UK Gold


As with many technological innovations - satellite television was something that I only became interested in when it offered an opportunity to see more Doctor Who. My parents surprised me with a satellite dish one Christmas, when I was thirteen. This was too good to be true - they were showing my favourite show on UK Gold EVERY DAY! And the truly dedicated fan could get up at some ungodly hour on a Sunday morning and catch an omnibus of a complete story - every week! The first story I caught on this space-age medium was The Ark - I loved it so much. The following September, however, I was packed off to boarding school - where there were definitely no satellite dishes, and putting up a poster of a Sea Devil in one’s dorm room was, in retrospect, not the best way to make friends and influence people. So they were short lived, those heady satellite days, but they were UK Golden. 




I was in my first year of drama school by the time Doctor Who started to be released on DVD. Again - it was this development that prompted me to invest in the technology required to play the shiny futuristic discs. My first acquisition was The Robots Of Death. The picture was so sharp and clear! And there were extra features and menu screens - we truly were living in the promised times! (Admittedly, the main extra feature on that first disc was a copy of the studio floor plans - but I remember thinking at the time that they were a valuable and fascinating resource. I have never looked at them since.) The DVD range went on to spoil us with vast arrays of bonus content and VidFIRE restorations. For years it felt like getting a monthly video magazine, packed with making-of features and interviews - and the occasional documentary on black pudding. Truly, we thought - this is the definitive collection…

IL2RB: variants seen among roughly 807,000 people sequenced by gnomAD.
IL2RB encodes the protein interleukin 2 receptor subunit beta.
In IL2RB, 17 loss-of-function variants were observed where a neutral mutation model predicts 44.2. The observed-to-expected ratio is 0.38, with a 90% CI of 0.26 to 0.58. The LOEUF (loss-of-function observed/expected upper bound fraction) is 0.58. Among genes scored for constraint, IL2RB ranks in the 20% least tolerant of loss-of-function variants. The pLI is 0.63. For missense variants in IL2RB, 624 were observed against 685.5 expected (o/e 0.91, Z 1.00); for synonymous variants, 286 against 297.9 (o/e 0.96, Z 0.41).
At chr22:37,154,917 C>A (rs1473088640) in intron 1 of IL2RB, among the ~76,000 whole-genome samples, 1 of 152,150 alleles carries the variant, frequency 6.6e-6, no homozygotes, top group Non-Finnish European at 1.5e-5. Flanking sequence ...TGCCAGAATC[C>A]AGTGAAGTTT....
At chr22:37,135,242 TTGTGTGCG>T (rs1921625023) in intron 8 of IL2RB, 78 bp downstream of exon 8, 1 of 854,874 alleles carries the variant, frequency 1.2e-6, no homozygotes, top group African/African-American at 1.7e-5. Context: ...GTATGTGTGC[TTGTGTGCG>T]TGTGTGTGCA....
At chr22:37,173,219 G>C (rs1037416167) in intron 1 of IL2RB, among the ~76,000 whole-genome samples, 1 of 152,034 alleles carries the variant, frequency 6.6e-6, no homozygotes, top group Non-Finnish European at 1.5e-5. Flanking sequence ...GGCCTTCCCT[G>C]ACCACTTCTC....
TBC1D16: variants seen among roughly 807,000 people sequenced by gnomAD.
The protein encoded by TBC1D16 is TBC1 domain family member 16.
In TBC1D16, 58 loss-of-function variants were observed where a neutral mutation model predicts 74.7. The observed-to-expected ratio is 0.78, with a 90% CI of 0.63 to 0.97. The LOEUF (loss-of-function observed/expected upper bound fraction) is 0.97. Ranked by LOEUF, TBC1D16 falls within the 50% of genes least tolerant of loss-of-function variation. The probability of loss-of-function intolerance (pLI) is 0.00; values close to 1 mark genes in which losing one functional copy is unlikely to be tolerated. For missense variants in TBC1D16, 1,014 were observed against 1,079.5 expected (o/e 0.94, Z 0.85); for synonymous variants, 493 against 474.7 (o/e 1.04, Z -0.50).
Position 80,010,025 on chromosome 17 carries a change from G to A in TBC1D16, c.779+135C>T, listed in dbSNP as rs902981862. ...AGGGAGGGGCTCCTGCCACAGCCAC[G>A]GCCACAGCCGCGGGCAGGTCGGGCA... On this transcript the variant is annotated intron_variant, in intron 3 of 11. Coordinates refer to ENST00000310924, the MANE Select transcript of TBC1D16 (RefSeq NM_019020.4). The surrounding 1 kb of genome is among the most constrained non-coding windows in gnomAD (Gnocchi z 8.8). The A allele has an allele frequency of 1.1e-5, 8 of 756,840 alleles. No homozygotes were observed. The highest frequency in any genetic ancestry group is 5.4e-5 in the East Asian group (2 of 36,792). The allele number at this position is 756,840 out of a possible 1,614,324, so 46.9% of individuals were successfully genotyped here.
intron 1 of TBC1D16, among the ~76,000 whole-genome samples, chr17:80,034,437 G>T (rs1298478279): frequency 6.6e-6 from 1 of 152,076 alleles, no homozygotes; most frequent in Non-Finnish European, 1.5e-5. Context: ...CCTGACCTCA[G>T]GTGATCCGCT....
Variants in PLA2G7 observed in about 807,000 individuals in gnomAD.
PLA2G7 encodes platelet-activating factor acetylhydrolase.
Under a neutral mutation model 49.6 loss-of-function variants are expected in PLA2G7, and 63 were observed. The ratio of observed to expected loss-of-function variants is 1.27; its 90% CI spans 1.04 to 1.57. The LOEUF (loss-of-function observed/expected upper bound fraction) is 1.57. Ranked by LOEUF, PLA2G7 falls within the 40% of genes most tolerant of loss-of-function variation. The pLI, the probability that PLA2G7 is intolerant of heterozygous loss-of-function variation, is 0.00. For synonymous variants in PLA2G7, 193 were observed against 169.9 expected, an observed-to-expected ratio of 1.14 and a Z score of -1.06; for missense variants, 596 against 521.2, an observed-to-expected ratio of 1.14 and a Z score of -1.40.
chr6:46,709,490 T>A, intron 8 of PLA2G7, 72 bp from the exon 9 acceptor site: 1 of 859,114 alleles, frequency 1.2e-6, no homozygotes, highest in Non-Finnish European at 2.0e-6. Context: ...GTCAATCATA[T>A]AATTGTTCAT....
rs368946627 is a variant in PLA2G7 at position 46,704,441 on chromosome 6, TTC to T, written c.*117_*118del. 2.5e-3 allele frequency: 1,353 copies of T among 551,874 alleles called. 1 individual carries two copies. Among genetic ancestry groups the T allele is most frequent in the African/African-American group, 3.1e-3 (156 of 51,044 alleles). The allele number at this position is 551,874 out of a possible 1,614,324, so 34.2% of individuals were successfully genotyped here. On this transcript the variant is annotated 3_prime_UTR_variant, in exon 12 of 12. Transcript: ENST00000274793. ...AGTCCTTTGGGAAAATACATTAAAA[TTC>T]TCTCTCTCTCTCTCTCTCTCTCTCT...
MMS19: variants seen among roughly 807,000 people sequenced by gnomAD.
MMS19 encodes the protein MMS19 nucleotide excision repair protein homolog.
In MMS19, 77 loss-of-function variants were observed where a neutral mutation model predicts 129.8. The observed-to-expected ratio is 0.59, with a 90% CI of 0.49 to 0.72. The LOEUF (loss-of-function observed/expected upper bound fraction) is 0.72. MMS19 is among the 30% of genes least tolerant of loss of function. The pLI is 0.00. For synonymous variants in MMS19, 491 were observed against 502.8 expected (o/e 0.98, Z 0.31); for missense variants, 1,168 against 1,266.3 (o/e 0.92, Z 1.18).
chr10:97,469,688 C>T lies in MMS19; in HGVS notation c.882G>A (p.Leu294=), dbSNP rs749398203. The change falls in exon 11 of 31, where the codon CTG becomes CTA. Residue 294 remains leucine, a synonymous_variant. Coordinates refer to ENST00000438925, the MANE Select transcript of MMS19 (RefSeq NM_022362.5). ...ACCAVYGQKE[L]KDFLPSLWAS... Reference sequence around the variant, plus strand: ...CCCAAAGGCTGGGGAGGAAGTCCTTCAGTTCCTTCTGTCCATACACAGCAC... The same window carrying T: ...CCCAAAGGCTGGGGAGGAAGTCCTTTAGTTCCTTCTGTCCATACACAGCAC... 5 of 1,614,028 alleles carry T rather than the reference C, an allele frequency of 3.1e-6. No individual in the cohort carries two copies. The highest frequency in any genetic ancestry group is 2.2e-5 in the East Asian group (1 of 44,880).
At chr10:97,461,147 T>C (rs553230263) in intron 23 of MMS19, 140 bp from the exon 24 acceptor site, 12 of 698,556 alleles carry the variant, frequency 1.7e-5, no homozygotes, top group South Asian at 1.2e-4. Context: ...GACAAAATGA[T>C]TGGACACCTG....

Back to the present day…


Now, of course, there are more ways than ever to pipe Doctor Who into our homes, with the likes of Twitch marathons and iPlayer streaming. And the aforementioned blu-ray box-set, which surely is the ‘ultimate’ collection of these stories that we’ve carried with us throughout our lives. There’s a special feature devoted to a compilation of studio clocks. And half an hour of silent footage of the Season twelve cast chain-smoking. (As well as my absolute favourite extra bit - Janet Fielding, Louise Jameson, and Sarah Sutton doing a ‘Gogglebox’ style viewing of episodes that they weren’t in - I could happily watch this trio chewing the fat for hours, on any topic at all. Lots more of this please, blu-ray elves.) So, finally, we can be sure that we’re buying these episodes for the last time, can’t we…?


Yeah, right. See you in 2028 for the 3D brain-implant of Spearhead from Space - featuring an artificially intelligent and fully-restored Terrance Dicks. I can’t wait. 


Richard Unwin